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100 Years after James Brooks

It was by chance that the 100th anniversary of the birth of the Monon's predecessor, the New Albany and Salem, fell during the John Barriger's presidency of the Hoosier Line. But, in fact, the timing could not have been more perfect. Barriger was a man who took advantage of any opportunity to promote the Monon, and with a year passed since the CI&L's reorganization, there was indeed a reason to celebrate.

(Left) Downtown Hammond depot,
circa 1947. These photos were taken
during the 1947 Centennial celebration
of the Monon.
(Center) Pictured is the William Mason
a 4-4-0 used by the Monon during the
(Right) Troop kitchen #201 and the
William Mason at Hammond.


New Albany Celebration

The Centennial Celebration of the Hoosier Line centered on a four day festival at New Albany, the hometown of New Albany and Salem founder James Brooks. From July 27 through July 30, 1947, New Albany held festivities: Homecomer's Day, Exhibitors' Day, Youth Day and Transportation Day. Concurrently, the Monon began a four day celebration of its own: a Centennial Train Show that stopped in 20 Indiana towns that started in Hammond and ended in New Albany.


(Left) Centenial Train arrives at Bloomington. (Right) Assembled crowd at Bloomington

To re-create the era of the Hoosier Line's origins, Baltimore & Ohio 4-4-0 William Mason and two period passenger cars were borrowed and ran from Hammond to New Albany. Supported by an the all-male "Monon Quartet", female singers in period costumes, songstress Marie Lawler and, of course, John Barriger, Monon's traveling train show made its way to New Albany for an extravagant finale during New Albany's Transportation Day. Along the way, the William Mason's train employed loudspeakers to fill Hoosier towns with music. The Director of the Centennial Celebration, John A. McGee had written 8 songs for the event. These songs were recorded and released as a record album.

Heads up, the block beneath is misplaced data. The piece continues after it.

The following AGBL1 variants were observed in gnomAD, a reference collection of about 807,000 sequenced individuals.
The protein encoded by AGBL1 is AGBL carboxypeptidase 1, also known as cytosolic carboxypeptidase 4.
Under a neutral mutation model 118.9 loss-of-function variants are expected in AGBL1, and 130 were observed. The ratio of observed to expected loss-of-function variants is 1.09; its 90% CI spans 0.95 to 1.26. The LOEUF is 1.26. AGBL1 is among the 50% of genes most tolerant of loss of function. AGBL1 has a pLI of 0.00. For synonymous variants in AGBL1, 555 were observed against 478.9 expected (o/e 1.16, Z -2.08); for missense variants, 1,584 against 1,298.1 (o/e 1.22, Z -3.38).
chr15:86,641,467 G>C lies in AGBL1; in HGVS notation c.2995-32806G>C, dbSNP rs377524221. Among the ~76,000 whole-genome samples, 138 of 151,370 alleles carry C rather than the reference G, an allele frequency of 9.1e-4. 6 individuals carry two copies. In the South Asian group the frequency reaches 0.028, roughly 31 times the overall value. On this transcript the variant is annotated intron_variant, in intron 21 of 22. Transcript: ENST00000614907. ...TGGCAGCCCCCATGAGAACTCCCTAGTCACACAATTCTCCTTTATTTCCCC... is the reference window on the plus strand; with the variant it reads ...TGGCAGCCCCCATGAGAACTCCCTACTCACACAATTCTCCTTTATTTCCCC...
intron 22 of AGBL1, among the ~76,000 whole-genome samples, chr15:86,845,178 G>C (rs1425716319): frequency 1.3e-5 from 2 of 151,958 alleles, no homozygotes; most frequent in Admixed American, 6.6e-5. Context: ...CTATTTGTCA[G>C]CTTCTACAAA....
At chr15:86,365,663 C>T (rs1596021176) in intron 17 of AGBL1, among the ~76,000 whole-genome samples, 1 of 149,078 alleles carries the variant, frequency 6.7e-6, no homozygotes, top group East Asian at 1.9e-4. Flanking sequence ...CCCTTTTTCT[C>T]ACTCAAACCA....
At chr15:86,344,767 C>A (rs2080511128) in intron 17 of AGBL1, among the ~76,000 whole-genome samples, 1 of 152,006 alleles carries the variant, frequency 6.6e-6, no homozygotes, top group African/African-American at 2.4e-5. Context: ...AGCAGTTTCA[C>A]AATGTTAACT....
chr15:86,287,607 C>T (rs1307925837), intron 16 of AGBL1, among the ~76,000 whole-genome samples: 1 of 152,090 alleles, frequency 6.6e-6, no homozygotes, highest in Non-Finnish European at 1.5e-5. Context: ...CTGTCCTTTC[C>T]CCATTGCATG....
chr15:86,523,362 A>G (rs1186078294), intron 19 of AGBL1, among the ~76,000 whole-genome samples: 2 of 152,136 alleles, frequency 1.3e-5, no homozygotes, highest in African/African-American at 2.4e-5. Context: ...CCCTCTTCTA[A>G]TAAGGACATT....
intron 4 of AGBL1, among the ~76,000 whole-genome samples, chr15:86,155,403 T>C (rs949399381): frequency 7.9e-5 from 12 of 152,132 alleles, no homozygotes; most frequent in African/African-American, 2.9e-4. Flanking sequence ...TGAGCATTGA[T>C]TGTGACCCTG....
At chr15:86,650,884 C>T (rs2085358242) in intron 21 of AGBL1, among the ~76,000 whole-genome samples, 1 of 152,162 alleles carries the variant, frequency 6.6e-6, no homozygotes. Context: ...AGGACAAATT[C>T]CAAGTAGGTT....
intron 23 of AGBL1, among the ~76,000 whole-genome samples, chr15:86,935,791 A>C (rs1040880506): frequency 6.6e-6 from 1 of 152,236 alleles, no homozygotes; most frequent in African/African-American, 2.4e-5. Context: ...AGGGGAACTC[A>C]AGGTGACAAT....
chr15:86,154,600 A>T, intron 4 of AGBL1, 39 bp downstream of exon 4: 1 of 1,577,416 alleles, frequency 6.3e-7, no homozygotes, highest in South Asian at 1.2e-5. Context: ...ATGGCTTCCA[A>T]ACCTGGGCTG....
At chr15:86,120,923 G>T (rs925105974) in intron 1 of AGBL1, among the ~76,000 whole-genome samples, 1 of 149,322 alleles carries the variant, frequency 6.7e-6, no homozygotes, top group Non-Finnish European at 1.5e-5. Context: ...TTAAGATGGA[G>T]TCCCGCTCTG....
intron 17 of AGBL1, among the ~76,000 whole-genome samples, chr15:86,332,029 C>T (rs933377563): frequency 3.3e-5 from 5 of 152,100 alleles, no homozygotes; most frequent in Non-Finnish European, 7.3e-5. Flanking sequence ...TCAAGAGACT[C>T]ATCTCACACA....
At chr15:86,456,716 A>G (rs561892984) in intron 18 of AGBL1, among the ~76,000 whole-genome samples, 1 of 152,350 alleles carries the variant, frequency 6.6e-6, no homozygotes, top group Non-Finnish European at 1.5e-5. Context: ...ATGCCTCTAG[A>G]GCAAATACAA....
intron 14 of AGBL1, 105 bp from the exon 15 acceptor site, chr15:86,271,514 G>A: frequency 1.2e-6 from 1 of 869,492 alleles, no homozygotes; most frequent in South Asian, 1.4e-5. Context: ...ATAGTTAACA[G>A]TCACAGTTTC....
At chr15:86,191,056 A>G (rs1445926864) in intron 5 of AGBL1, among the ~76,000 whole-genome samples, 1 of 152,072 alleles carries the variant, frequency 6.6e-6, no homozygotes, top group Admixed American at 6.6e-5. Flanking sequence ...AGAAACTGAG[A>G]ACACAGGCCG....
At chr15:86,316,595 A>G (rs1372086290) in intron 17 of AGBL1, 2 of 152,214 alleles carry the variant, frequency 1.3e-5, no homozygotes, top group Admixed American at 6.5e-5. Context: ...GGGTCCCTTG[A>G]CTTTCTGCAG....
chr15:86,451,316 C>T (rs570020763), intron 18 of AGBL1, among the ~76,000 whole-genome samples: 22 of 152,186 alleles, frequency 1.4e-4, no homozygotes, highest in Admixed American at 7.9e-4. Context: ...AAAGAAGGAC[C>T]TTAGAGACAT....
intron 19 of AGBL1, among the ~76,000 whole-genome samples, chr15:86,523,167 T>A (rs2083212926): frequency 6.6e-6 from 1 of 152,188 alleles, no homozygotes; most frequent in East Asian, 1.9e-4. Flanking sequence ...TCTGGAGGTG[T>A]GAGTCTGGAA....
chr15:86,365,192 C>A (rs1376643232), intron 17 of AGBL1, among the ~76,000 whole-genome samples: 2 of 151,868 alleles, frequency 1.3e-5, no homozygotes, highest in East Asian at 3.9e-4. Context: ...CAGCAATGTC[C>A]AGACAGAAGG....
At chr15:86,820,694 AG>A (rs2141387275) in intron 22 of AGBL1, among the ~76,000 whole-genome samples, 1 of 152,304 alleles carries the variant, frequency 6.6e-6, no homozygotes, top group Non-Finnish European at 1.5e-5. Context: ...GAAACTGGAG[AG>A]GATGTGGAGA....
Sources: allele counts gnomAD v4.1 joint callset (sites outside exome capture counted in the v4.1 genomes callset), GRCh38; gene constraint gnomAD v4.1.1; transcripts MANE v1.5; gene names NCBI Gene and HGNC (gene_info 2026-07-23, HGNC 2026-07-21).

(Left and Right) New Albany parade

At New Albany on Transportation Day, the city held a parade (complete with a Monon float), draped Monon red banners across the streets and hosted dignitaries, including Indiana Governor Ralph Gates. The William Mason was joined by Monon's new streamlined Hoosier and by Southern Railway's ancient "Best Friend Of Charlestown" which had steamed with two open coaches across the KI&T bridge from Louisville.

At the end of the festivities, it was estimated that over 100,000 people had come trackside to join in John Barriger's biggest party, The Monon Centennial Celebration.

-Steve and Gary Dolzall, Monon, The Hoosier Line-


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